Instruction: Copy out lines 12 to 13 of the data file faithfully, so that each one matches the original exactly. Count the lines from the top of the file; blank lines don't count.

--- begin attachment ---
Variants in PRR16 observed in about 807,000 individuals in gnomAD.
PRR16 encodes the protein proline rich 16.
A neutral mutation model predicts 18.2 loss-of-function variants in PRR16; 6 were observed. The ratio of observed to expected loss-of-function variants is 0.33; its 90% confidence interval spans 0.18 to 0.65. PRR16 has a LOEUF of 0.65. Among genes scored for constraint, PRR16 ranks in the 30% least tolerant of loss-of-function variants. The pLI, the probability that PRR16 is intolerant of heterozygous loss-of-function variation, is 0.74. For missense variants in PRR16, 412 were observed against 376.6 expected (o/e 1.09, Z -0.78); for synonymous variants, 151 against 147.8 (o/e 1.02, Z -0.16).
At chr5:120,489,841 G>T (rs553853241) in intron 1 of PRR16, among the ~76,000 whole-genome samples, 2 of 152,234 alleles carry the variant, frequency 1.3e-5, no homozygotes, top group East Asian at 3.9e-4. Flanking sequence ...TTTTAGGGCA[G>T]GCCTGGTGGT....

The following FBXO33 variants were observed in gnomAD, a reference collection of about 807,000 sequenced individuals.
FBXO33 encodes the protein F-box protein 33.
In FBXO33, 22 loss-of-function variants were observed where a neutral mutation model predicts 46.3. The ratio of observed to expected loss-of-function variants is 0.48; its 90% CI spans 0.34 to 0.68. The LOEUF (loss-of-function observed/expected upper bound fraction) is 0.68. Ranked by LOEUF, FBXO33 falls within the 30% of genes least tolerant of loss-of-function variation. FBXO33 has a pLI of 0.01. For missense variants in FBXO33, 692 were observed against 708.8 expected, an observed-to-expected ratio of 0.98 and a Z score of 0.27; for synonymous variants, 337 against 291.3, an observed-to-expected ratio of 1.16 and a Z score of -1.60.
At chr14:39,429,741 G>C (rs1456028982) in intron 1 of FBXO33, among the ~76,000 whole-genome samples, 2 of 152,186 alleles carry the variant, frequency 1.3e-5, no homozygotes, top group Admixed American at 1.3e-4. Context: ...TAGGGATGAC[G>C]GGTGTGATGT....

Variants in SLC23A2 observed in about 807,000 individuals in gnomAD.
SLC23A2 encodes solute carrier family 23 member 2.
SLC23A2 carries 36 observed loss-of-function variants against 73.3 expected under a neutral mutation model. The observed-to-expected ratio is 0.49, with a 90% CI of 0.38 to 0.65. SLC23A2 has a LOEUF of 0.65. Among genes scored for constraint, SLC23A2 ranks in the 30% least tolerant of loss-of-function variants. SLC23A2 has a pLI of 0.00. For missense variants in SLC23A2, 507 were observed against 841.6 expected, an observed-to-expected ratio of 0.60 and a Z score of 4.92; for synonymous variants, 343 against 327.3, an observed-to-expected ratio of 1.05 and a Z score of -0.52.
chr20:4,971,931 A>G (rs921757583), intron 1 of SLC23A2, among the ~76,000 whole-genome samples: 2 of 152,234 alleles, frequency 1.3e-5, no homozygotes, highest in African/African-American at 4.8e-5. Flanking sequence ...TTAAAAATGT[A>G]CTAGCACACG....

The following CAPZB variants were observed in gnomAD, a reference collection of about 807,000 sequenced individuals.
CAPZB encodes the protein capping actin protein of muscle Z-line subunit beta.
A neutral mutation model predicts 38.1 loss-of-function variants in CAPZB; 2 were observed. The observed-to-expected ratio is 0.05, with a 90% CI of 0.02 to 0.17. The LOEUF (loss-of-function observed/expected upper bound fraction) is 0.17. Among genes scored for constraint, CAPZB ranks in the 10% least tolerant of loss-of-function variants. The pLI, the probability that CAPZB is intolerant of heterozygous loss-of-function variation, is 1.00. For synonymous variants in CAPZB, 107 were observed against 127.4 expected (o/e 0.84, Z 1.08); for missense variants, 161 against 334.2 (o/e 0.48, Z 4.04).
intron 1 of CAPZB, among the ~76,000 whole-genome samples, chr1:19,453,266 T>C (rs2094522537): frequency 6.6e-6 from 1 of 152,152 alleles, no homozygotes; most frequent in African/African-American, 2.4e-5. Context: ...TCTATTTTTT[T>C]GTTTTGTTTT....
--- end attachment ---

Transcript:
chr20:4,971,931 A>G (rs921757583), intron 1 of SLC23A2, among the ~76,000 whole-genome samples: 2 of 152,234 alleles, frequency 1.3e-5, no homozygotes, highest in African/African-American at 4.8e-5. Flanking sequence ...TTAAAAATGT[A>G]CTAGCACACG....

The following CAPZB variants were observed in gnomAD, a reference collection of about 807,000 sequenced individuals.